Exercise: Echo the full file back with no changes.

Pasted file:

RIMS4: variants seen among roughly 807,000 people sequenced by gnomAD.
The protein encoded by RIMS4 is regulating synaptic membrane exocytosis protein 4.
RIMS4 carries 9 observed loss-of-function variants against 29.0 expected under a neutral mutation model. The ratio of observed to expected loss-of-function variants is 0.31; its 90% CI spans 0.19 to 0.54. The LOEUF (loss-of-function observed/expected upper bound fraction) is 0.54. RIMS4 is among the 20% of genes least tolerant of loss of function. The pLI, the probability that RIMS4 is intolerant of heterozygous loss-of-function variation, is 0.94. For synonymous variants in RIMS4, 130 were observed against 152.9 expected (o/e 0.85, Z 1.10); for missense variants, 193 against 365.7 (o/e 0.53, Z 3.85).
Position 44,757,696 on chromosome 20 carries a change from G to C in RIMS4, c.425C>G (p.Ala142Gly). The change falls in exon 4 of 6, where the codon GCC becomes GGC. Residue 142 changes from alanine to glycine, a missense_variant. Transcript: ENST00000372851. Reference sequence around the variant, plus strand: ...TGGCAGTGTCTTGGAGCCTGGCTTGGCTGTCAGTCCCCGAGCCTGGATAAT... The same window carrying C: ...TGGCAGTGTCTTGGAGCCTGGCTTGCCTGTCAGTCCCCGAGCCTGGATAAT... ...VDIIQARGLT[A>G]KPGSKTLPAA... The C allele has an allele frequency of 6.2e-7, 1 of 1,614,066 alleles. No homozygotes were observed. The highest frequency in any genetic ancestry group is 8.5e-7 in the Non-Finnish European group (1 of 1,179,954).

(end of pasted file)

RIMS4: variants seen among roughly 807,000 people sequenced by gnomAD.
The protein encoded by RIMS4 is regulating synaptic membrane exocytosis protein 4.
RIMS4 carries 9 observed loss-of-function variants against 29.0 expected under a neutral mutation model. The ratio of observed to expected loss-of-function variants is 0.31; its 90% CI spans 0.19 to 0.54. The LOEUF (loss-of-function observed/expected upper bound fraction) is 0.54. RIMS4 is among the 20% of genes least tolerant of loss of function. The pLI, the probability that RIMS4 is intolerant of heterozygous loss-of-function variation, is 0.94. For synonymous variants in RIMS4, 130 were observed against 152.9 expected (o/e 0.85, Z 1.10); for missense variants, 193 against 365.7 (o/e 0.53, Z 3.85).
Position 44,757,696 on chromosome 20 carries a change from G to C in RIMS4, c.425C>G (p.Ala142Gly). The change falls in exon 4 of 6, where the codon GCC becomes GGC. Residue 142 changes from alanine to glycine, a missense_variant. Transcript: ENST00000372851. Reference sequence around the variant, plus strand: ...TGGCAGTGTCTTGGAGCCTGGCTTGGCTGTCAGTCCCCGAGCCTGGATAAT... The same window carrying C: ...TGGCAGTGTCTTGGAGCCTGGCTTGCCTGTCAGTCCCCGAGCCTGGATAAT... ...VDIIQARGLT[A>G]KPGSKTLPAA... The C allele has an allele frequency of 6.2e-7, 1 of 1,614,066 alleles. No homozygotes were observed. The highest frequency in any genetic ancestry group is 8.5e-7 in the Non-Finnish European group (1 of 1,179,954).